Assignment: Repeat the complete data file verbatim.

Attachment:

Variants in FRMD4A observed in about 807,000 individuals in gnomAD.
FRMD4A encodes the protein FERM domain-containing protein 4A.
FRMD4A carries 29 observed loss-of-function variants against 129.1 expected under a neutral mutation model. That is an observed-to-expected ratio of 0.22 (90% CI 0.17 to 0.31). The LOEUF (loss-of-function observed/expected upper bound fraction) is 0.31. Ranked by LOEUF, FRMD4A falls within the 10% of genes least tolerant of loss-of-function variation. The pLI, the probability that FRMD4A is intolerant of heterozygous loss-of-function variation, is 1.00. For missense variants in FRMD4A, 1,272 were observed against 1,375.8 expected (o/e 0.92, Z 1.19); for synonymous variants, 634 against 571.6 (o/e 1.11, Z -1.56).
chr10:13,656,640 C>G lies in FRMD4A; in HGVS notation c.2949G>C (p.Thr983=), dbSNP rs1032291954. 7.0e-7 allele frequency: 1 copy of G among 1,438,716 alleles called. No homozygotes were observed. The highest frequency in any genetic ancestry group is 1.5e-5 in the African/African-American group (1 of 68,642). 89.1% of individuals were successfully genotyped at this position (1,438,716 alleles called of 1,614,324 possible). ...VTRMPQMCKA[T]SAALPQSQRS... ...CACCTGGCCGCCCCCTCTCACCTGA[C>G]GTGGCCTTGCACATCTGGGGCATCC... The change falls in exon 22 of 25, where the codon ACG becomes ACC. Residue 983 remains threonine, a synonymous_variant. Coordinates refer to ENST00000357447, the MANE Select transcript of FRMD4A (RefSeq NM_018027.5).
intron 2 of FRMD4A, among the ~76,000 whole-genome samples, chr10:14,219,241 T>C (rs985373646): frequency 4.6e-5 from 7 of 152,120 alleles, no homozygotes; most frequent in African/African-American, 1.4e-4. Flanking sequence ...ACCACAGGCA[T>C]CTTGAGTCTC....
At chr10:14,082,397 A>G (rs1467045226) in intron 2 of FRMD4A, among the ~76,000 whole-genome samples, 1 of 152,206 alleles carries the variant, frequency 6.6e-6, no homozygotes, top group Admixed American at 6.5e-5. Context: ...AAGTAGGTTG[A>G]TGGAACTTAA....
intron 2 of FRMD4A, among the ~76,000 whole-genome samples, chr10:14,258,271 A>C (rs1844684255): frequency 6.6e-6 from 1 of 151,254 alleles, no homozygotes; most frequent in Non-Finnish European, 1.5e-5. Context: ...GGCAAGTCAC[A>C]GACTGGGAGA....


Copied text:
Variants in FRMD4A observed in about 807,000 individuals in gnomAD.
FRMD4A encodes the protein FERM domain-containing protein 4A.
FRMD4A carries 29 observed loss-of-function variants against 129.1 expected under a neutral mutation model. That is an observed-to-expected ratio of 0.22 (90% CI 0.17 to 0.31). The LOEUF (loss-of-function observed/expected upper bound fraction) is 0.31. Ranked by LOEUF, FRMD4A falls within the 10% of genes least tolerant of loss-of-function variation. The pLI, the probability that FRMD4A is intolerant of heterozygous loss-of-function variation, is 1.00. For missense variants in FRMD4A, 1,272 were observed against 1,375.8 expected (o/e 0.92, Z 1.19); for synonymous variants, 634 against 571.6 (o/e 1.11, Z -1.56).
chr10:13,656,640 C>G lies in FRMD4A; in HGVS notation c.2949G>C (p.Thr983=), dbSNP rs1032291954. 7.0e-7 allele frequency: 1 copy of G among 1,438,716 alleles called. No homozygotes were observed. The highest frequency in any genetic ancestry group is 1.5e-5 in the African/African-American group (1 of 68,642). 89.1% of individuals were successfully genotyped at this position (1,438,716 alleles called of 1,614,324 possible). ...VTRMPQMCKA[T]SAALPQSQRS... ...CACCTGGCCGCCCCCTCTCACCTGA[C>G]GTGGCCTTGCACATCTGGGGCATCC... The change falls in exon 22 of 25, where the codon ACG becomes ACC. Residue 983 remains threonine, a synonymous_variant. Coordinates refer to ENST00000357447, the MANE Select transcript of FRMD4A (RefSeq NM_018027.5).
intron 2 of FRMD4A, among the ~76,000 whole-genome samples, chr10:14,219,241 T>C (rs985373646): frequency 4.6e-5 from 7 of 152,120 alleles, no homozygotes; most frequent in African/African-American, 1.4e-4. Flanking sequence ...ACCACAGGCA[T>C]CTTGAGTCTC....
At chr10:14,082,397 A>G (rs1467045226) in intron 2 of FRMD4A, among the ~76,000 whole-genome samples, 1 of 152,206 alleles carries the variant, frequency 6.6e-6, no homozygotes, top group Admixed American at 6.5e-5. Context: ...AAGTAGGTTG[A>G]TGGAACTTAA....
intron 2 of FRMD4A, among the ~76,000 whole-genome samples, chr10:14,258,271 A>C (rs1844684255): frequency 6.6e-6 from 1 of 151,254 alleles, no homozygotes; most frequent in Non-Finnish European, 1.5e-5. Context: ...GGCAAGTCAC[A>C]GACTGGGAGA....